• Market mavens are not listed more by their followers. Coussement et al. suggest that this may be due to the fact that it is hard for the influence and expertise of market mavens to stand out in the crowded Twitter space. Alternatively, it is possible that the general nature of their expertise does not conform well to the narrow categories of the Twitter listing function.
  • Market mavens do not have more retweets than non-mavens. “We had hypothesized a positive relationship between mavenism and retweeting behavior, which represents information sharing,” write Coussement et al. “…Perhaps this finding can be explained in that market mavens on social media tend to be content creators, more than content sharers.”
  • Market mavens do not write more readable tweets than non-mavens. “Perhaps mavens try to achieve a higher position by communicating their expertise through the complexity of language in their messages,” suggest Coussement et al. “This is the opposite approach to communicating to the wider consumer group by creating easily readable messages, and is certainly an interesting finding regarding mavens on social media.”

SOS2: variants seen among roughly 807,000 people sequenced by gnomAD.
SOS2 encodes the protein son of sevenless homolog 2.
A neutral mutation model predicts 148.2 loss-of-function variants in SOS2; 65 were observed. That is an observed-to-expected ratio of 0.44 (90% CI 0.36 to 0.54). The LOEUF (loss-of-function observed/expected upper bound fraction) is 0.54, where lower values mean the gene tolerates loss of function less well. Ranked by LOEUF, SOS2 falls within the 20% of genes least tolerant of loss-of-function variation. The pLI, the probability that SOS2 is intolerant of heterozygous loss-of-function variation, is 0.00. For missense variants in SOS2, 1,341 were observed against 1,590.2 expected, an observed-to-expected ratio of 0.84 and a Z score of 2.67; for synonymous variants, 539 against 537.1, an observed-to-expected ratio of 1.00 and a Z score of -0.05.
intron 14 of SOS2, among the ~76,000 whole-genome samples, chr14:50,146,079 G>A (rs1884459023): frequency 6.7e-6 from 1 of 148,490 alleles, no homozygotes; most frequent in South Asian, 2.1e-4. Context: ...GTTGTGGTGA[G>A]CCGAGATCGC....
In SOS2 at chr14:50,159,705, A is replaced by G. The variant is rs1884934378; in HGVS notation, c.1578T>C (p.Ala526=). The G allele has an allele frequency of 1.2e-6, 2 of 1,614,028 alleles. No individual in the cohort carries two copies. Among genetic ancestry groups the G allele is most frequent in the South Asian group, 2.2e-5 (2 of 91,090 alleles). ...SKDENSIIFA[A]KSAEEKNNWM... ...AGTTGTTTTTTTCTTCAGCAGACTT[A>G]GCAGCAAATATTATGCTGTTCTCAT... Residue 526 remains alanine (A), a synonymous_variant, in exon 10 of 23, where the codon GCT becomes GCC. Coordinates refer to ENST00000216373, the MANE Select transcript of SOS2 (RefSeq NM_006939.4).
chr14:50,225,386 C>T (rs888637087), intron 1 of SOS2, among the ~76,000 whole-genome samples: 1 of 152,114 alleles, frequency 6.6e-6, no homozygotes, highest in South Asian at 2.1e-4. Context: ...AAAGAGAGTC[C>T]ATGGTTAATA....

“Results indeed demonstrate that market mavens can be identified based on their user network, behavior, and message characteristics,” says Coussement. “Revealing these links makes it possible for marketers to easily identify market mavens just by looking at the free, publicly available Twitter data.”

Practical applications

According to Coussement, companies can now use publicly available social media data to identify market mavens, rather than having to survey tons of consumers.

“By using a similar framework to the one that we created in our research, marketers could very quickly identify who has influence and then proceed to target them in their marketing communications campaigns,” he says. “This has the potential to increase the effectiveness and efficiency of their marketing efforts and, ultimately, increase return on investment.”

IÉSEG